03/01/13 8:00am
03/01/2013 8:00 AM
EPCAL Cars Sandy in Calverton


A 40-year-old South Carolina man transporting Sandy-damaged cars from the Enterprise Park at Calverton to Detroit was arrested Thursday after cops found him in possession of a loaded 9-mm handgun, Suffolk County police said.

DEC COURTESY PHOTO | Hurricane Sandy damaged cars parked on the grasslands at EPCAL.

DEC COURTESY PHOTO | Hurricane Sandy damaged cars parked on the grasslands at EPCAL.

Freddie Foggie Jr. of Boiling Springs, S.C. was also driving on a suspended license at the time, police said.

The arrest comes about seven months after Mr. Foggie was charged in a fatal accident in North Carolina that killed a 72-year-old Florida man who was a prominent developer, according to charlotteobserver.com.

In that case, two cars being hauled by Mr. Foggie somehow came loose, fell off the truck and struck cars that were traveling behind, the Observer reports, citing a crash report.

News reports and court records show he’s due back in a North Carolina court March 7 for misdemeanor charges.

On Thursday, Mr. Foggie was stopped along the Long Island Expressway in Islandia, near the Exit 58 Park and Ride, about 5:50 p.m. when Suffolk County police officer Robert Copozzi noticed equipment violations on a Chevy pickup truck, which had a trailer hauling three cars, police said.

During a routine safety inspection, Officer Copozzi noticed the handgun, which was loaded with a high-capacity magazine, and arrested Mr. Foggie, also issuing him nine tickets for a score of safety violations.

The truck, owned by JK Trucking and Auto Sales in Mississippi, was taking the vehicles from a Sandy-damaged car storage site at the enterprise park and taking them to Michigan, Suffolk Police said.

Mr. Foggie is facing a third-degree criminal possession of a weapons charge and aggravated unlicensed operation of a motor vehicle, police said.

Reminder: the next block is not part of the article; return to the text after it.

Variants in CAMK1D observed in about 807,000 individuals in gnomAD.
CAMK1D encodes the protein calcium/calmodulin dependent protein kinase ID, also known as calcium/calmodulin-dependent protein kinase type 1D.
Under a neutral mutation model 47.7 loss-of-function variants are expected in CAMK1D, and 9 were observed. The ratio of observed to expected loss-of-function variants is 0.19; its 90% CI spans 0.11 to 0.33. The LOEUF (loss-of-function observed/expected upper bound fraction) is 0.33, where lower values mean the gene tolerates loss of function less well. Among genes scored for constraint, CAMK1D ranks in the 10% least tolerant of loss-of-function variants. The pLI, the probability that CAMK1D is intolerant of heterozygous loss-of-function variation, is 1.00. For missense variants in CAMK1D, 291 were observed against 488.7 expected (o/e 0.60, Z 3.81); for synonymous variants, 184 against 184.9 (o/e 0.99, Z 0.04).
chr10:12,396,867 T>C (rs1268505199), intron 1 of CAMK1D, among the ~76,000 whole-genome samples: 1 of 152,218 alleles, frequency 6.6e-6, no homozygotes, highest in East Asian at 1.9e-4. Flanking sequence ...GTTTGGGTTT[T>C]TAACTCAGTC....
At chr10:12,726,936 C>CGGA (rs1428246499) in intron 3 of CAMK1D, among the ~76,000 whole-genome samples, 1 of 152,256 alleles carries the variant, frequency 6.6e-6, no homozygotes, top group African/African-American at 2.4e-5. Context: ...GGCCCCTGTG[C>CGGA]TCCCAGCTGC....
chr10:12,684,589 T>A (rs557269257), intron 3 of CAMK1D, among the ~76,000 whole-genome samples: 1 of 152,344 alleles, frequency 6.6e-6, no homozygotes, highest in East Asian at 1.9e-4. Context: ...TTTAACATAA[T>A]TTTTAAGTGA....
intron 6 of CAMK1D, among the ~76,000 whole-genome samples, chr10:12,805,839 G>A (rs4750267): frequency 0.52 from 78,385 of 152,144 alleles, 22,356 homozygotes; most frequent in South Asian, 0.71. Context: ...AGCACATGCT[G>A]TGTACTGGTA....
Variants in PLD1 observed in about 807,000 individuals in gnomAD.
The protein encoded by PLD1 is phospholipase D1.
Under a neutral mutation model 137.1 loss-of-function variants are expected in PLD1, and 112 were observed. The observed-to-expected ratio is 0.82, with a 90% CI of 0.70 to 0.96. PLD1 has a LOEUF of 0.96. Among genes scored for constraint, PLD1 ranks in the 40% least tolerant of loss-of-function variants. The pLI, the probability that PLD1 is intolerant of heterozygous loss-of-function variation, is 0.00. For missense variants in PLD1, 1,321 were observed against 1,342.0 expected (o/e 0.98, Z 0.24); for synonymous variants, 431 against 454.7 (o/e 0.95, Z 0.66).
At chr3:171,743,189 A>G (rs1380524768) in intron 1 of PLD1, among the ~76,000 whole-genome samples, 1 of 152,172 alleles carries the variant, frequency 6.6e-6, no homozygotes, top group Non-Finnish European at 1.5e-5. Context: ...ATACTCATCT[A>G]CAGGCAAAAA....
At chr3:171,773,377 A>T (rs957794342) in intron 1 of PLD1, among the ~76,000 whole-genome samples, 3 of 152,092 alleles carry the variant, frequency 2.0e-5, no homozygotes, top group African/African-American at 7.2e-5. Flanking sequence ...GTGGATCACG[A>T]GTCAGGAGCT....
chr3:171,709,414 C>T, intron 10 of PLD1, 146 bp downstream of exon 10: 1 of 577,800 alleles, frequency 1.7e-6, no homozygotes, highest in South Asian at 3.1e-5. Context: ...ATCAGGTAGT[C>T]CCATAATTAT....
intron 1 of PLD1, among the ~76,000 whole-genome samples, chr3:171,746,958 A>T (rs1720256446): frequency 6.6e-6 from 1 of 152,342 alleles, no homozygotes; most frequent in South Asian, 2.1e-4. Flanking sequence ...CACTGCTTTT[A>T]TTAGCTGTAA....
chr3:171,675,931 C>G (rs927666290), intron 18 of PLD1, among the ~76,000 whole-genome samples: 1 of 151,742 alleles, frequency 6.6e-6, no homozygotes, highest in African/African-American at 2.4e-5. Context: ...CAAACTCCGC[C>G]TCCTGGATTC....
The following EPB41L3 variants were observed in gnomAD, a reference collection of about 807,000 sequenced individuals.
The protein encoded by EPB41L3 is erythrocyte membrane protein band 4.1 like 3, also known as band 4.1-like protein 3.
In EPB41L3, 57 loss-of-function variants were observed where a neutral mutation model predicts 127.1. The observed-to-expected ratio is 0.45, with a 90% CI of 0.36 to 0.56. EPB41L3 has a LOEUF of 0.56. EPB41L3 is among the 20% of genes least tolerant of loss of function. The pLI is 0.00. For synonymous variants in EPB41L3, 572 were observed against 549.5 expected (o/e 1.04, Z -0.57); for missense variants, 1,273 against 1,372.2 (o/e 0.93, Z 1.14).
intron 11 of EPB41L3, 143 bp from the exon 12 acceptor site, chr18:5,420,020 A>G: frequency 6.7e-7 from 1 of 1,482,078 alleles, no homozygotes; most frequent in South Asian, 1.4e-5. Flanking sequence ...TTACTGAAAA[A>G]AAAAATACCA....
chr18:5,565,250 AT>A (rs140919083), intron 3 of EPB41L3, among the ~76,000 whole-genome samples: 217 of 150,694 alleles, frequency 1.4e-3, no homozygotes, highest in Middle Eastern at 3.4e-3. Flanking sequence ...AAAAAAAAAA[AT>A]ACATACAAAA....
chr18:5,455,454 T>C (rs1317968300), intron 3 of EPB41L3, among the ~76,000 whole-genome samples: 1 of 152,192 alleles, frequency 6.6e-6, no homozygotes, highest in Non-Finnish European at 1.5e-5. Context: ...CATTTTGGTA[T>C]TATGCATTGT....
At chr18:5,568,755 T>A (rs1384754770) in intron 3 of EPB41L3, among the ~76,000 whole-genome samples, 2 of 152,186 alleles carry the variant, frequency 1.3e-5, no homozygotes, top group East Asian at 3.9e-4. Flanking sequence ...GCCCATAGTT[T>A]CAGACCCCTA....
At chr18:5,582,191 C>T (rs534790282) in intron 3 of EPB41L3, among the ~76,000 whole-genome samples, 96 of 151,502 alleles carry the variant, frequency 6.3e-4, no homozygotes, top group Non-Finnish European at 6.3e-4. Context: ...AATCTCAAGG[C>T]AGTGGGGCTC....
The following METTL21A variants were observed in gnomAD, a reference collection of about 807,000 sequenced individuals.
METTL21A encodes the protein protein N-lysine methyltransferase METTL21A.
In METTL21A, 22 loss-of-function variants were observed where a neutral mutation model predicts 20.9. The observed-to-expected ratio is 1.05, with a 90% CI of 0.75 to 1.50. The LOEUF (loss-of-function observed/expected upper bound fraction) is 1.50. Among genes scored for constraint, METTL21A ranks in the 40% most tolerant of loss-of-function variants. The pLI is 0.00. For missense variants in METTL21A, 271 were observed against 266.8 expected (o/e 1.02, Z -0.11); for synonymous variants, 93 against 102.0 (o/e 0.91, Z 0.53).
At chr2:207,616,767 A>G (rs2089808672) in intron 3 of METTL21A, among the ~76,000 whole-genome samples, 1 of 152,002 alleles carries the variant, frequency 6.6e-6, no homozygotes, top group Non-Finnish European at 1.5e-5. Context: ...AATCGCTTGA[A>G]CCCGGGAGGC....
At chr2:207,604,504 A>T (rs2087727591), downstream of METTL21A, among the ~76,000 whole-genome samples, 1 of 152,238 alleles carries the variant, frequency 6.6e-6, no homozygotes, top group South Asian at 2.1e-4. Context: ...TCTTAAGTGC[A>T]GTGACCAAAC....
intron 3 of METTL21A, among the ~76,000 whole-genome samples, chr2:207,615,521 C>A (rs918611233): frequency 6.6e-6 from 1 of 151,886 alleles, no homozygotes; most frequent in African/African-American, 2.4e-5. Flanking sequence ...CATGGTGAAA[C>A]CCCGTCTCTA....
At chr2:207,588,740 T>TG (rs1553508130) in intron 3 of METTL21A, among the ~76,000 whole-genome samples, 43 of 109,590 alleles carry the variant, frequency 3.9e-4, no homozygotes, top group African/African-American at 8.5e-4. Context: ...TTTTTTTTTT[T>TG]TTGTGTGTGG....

He was scheduled to appear in First District Court in Central Islip Friday, officials said.

There are three sites at the EPCAL property — a former Grumman Corporation fighter jet testing facility — at which thousands of storm-damaged cars are being stored. Two are through agreements with Riverhead Town to store cars on town-owned runways at the property.

A third storage site is on grass on private property, at which the DEC has ordered the cars be removed over environmental concerns.

Those cars have not been removed, said Supervisor Sean Walter.

“They are [still] being stored illegally,” Mr. Walter said of the cars on private property, owned by Jan Burman.

“The DEC has ordered Burman to remove the cars, so hopefully the DEC will be victorious in getting these cars out of there,” he said. “He’s going to have to remediate that entire site, from what I understand, because it is one of those grassland areas that are supposed to be protected.

“So I don’t know how much that’s going to cost him.”

Mr. Burman could not be immediately reached for comment.

“There’s going to be a lot of this,” Mr. Walter continued about storm-damaged cars being sold off at out-of-state dealers. “There’s no possible way I’m buying a used car right now. These titles are going to wind up in other states, with their titles washed away.They’ll end up overseas and in Mexico.”

As for some the drivers leaving the sites, Mr. Walter also said many of them are taking to side roads in violation of weight limits.

“We’ve been all over these drivers; these 3/4-ton pickup trucks with the trailer are over our weight restrictions for a part of River Road, Wading River Manor Road,” Mr. Walter said.

“They’re writing tickets,” he said of town police efforts to curb the activity.

Read more about the cars at EPCAL

01/19/13 9:00am
01/19/2013 9:00 AM
TIM GANNON PHOTO  |  A giant pile of superstorm Sandy debris has sat in front of Sheila Ganetis' Morningside Avenue home in Jamesport for almost two months. Town officials say she'll need to pay to get the junk removed.

TIM GANNON PHOTO | A giant pile of superstorm Sandy debris has sat in front of Sheila Ganetis’ Morningside Avenue home in Jamesport for almost two months. Town officials say she’ll need to pay to get the junk removed.

Fence slats, wood pilings, tree trunks, even pieces of staircases.

Superstorm Sandy dumped a lot of debris at Sheila Ganetis’ Jamesport property — and at her mother’s house next door.

When volunteers later came to help with cleanup, much of the wreckage was piled in front of her Morningside Avenue home, waiting for road crews to remove it.

But there it has stayed.

And unfortunately for Ms. Ganetis, it now appears she’s stuck with it.